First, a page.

WelCom News
A newspaper for the Wellington and Palmerston North Catholic Dioceses

Beaten but unbroken in a Burma jail

World News

Tara Bahrampour
2010

Just 18 days ago, Nyi Nyi Aung didn’t know whether he would live to see his home again. Imprisoned in the Burmese jungle, he’d been beaten, forced to sleep in a kennel in his own excrement, denied medical treatment and told by captors that his US citizenship didn’t matter.

altAt times, it seemed as if it didn’t. Aung, sentenced to three years of hard labour after he was caught promoting democracy in Burma, the land of his birth, was crippled by back pain and pain in his right leg from the beatings. Over six months, he had been moved from one solitary confinement cell to another, the last one a stagnant, mosquito-infested room with crumbling walls and a plastic bottle for a toilet.

Aung knew prison conditions in Burma could prove fatal – a friend had died behind bars – and sentences could be extended without due process. US consular officers were rarely allowed to visit him.

Then, last week, Aung was suddenly released. It felt both miraculous and not strange at all.
Aung, 40, had always known what he was doing was risky. The naturalised US citizen had devoted his life to trying to undermine the military government that has ruled Burma, also known as Myanmar, since before he was born. As a teenager, he was arrested and tortured for participating in a 1988 democracy movement. He fled the country and taught nonviolent resistance along the Thailand-Burma border. He went to the United States in 1994 under the refugee resettlement programme and studied computer science.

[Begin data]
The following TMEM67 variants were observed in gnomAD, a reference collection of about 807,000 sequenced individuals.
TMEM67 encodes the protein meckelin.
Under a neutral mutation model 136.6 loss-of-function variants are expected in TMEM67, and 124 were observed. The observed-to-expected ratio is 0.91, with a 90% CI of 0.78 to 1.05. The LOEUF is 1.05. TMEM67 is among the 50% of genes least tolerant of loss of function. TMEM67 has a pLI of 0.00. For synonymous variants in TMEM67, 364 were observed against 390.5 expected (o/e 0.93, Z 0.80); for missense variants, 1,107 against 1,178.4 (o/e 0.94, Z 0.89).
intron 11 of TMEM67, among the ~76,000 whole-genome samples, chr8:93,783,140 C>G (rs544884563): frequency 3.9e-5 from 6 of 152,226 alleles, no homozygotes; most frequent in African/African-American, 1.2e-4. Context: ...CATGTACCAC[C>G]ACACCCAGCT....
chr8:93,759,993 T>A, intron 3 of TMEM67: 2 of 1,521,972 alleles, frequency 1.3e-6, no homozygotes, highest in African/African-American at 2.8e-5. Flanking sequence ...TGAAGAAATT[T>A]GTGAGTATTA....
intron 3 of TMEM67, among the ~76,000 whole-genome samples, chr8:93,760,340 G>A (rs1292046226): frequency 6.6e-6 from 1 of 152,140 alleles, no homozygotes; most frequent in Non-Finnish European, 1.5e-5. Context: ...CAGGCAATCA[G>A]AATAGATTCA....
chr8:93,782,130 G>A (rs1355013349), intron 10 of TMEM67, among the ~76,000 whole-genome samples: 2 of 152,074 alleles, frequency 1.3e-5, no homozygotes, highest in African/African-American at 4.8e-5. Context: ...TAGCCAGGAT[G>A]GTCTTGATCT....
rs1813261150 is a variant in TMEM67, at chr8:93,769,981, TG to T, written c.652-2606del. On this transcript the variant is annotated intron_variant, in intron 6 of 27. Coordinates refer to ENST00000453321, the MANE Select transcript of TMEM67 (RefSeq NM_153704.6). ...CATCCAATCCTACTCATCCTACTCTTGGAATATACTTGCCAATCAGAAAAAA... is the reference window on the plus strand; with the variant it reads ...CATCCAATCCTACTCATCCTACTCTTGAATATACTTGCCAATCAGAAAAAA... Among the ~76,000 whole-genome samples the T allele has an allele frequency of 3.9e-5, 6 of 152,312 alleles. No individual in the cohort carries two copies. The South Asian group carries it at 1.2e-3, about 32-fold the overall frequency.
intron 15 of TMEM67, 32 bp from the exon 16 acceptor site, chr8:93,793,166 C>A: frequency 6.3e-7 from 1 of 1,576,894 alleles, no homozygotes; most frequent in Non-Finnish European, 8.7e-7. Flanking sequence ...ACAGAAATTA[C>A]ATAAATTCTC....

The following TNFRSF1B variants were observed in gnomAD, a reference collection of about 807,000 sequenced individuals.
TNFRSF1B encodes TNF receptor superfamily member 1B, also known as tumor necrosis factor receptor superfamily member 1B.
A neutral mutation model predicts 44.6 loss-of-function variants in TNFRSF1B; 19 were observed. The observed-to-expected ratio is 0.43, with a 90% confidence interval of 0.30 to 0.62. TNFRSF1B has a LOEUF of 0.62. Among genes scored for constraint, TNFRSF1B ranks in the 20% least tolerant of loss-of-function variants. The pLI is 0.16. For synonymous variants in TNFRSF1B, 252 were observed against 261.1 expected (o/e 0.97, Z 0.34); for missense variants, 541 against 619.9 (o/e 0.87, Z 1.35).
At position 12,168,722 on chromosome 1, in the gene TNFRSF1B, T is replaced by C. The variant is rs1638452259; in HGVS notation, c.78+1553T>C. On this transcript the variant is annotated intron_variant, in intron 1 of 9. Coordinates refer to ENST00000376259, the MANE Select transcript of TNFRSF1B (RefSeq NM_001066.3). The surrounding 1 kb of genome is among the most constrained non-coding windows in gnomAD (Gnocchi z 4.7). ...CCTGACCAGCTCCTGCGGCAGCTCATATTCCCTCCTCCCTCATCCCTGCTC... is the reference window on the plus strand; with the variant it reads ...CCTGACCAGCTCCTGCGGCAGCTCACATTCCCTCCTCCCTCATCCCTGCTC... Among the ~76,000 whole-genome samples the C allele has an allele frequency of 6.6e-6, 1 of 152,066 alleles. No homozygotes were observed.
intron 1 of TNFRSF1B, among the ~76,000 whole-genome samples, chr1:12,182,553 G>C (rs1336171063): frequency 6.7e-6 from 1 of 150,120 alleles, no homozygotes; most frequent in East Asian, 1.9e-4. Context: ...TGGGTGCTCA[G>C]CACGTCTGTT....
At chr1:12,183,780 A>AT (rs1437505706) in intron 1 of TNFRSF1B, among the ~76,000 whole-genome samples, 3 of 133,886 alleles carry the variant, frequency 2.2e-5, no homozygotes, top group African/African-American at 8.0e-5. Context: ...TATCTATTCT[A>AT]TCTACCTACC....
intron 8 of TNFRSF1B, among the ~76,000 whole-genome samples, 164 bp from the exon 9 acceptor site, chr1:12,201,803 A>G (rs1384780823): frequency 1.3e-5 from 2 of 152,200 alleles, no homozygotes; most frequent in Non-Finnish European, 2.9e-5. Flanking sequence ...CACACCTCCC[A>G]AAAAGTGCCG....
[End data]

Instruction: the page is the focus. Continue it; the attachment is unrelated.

Occasionally he made forays into Burma to train activists and collect information. It was dangerous work in a country where more than five people at a time cannot gather in the street and where printing anything at all – even a restaurant menu – requires government approval.

‘In Burma, every citizen has been breaking the law. For listening to the radio, they can arrest you,’ Aung said. ‘All the rules are crazy. However, you don’t get caught unless you’re against the regime.’

This is an excerpt from a story published in the Washington Post on March 25. For the full article go to www.washingtonpost.com/wp-dyn/content/article/2010/03/24/AR2010032403072.html

Image: Nyi Nyi Aung with fiancee Wa Wa Kyaw at Dulles Airport, Virginia.